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Social Changes in the 15 th Century 14 th -Century Hangover Shifts in Population 15 th -Century Implications Rise and Fall of Economies Social Order Disturbed.

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Presentation on theme: "Social Changes in the 15 th Century 14 th -Century Hangover Shifts in Population 15 th -Century Implications Rise and Fall of Economies Social Order Disturbed."— Presentation transcript:

1 Social Changes in the 15 th Century 14 th -Century Hangover Shifts in Population 15 th -Century Implications Rise and Fall of Economies Social Order Disturbed Jack Cade’s Rebellion Popular Discontent “Pure” & “Bastard” Feudalism Ideals, Customs of Old Systems, Networks of New Rivaling Families Potential for Disorder At Lower, Local Levels At Higher, National Levels At Highest, Sacred Levels Medieval Spon Street, Coventry

2 14 th -Century Hangover Shifts in Population Black Death; Recurrence Legacy of Rebellion Great Revolt Peasant Uprisings Unjust Taxation Impact on Commerce Increased Reliance on Money Less Bonded (Unfree) Labor Consolidation of Lands From Above – Magnates From Below – Peasantry The Great Revolt, 1381

3 15 th -Century Implications Economic Rise “Bond Men Made Free” Loosening of Labor Markets Mobility (Geographic, Social) Financial & Trade Markets Farmers, Manufacturers, Merchants, Bankers Economic Fall Basics: Pop. Down; Labor Supply Down Rents Down; Prices of Goods Down War Up; Trade Down; Wages Up; Profit Down Social Status of Nobility; Symbols of Power Social Order Disturbed “The World Turned Upside Down” Popular Grievance & Rebellion – Jack Cade, 1450 “For our enemies shall fall before us, inspired with the spirit of putting down kings and princes... Be brave, then; for your captain is brave, and vows reformation. There shall be in England seven halfpenny loaves sold for a penny... shall have ten hoops and I will make it felony to drink small beer: all the realm shall be in common... There shall be no money; all shall eat and drink on my score; and I will apparel them all in one livery, that they may agree like brothers.” “The first thing we do, let’s kill all the lawyers.” Jack Cade and Dick the Butcher, Henry VI, Part II, Scene 2.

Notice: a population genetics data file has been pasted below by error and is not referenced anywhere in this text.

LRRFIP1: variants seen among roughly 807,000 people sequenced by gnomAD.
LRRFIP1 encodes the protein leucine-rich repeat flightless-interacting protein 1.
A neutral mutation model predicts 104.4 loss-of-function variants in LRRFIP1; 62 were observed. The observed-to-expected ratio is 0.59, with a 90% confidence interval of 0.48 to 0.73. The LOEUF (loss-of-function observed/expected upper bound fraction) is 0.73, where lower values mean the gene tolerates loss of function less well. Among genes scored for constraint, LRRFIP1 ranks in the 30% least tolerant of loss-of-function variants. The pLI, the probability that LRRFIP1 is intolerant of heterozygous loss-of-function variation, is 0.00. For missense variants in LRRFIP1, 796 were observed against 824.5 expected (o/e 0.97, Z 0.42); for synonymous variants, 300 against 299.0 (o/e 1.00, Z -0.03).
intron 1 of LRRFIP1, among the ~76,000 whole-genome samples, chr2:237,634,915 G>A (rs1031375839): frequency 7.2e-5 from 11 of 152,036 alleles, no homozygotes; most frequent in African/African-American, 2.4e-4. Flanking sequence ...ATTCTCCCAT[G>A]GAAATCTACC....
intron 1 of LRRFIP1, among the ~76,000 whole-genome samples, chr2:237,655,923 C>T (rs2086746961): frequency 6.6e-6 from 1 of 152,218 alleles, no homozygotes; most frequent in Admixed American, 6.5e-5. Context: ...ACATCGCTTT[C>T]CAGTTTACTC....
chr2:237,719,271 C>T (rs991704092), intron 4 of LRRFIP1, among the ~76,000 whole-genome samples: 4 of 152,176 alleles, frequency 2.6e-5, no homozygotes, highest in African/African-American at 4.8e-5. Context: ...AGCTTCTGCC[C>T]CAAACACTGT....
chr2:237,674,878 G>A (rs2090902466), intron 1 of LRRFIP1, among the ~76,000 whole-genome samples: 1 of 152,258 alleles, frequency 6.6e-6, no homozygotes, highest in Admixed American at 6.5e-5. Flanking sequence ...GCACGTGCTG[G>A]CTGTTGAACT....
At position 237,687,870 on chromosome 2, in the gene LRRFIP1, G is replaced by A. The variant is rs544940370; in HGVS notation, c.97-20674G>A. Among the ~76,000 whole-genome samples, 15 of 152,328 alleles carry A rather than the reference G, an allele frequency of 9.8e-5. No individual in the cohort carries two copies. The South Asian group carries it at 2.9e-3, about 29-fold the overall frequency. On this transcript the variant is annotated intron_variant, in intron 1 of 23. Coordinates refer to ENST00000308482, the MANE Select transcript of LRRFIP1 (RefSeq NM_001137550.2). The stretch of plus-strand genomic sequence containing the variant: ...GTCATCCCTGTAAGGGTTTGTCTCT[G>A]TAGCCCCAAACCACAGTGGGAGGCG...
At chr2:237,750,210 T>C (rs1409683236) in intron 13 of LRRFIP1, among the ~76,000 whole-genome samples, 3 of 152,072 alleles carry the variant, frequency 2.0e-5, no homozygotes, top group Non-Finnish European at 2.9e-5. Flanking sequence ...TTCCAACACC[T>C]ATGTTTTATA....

4 Complaint of the Poor Commons of Kent These be the points, cause and mischiefs of gathering and assembling of us, the king's liege men of Kent, the 4th day of June the year of our Lord 1450, the reign of our sovereign lord the king 29th, which we trust to Almighty God to remedy, with the help and the grace of God and of our sovereign lord the king, and the poor commons of England, and else we shall die therefore: We, considering that the king our sovereign lord, by the insatiable, covetous, malicious persons that daily and nightly are about his highness, and daily inform him that good is evil and evil is good:... Item. They say that our sovereign is above his laws to his pleasure, and he may make it and break it as he pleases, without any distinction. The contrary is true, or else he should not have sworn to keep it.... Item. We say our sovereign lord may understand that his false council has lost his law, his merchandise is lost, his common people is destroyed, the sea is lost, France is lost, the king himself is so set that he may not pay for his meat nor drink, and he owes more than ever any King of England ought, for daily his traitors about him where anything should come to him by his laws, anon they take it from him.... Item. His true commons desire that he will remove from him all the false progeny and affinity of the Duke of Suffolk and to take about his noble person his true blood of his royal realm, that is to say, the high and mighty prince the Duke of York, exiled from our sovereign lord's person by the noising of the false traitor, the Duke of Suffolk, and his affinity. Also to take about his person the mighty prince, the Duke of Exeter, the Duke of Buckingham, the Duke of Norfolk, and his true earls and barons of his land, and he shall be the richest king Christian....

5 “Pure” & “Bastard” Feudalism Ideals & Customs of Old Land for Military Service Firm Hierarchy of Elite & Poor Ceremonial Homage & Fealty Good Lordship; King as Overlord One Supreme Landowner (in theory) Systems & Networks of New Land Held for Rents (Cash) Loosened Economic Structure Legal Contracts w/ Precise Terms Good Lordship as Legal Protection Property Divisions; Wealth Protection Patronage; Affinity; Retainers; Livery Rivaling Families As Clans of Old – Force of Arms As Society of New – Power of Influence Livery Coat, Hose, and Hat

6 Potential for Disorder At Lower, Local Levels Economic Warfare Rents, Trade, Commerce, Taxes Political Allegiances Rival Retainers; Patronage At Higher, National Levels Greatest Magnates Still Powerful Fewer, Greater Landholders Massive Affinities, Resources Networks Descending Ladder Access to the King’s Ear Control from Above At Highest, Sacred Levels Blend of Economic Injustice Linguistics, Personal Relationships Literacy & Class of Artisans, Merchants Kenilworth Castle, Warwickshire


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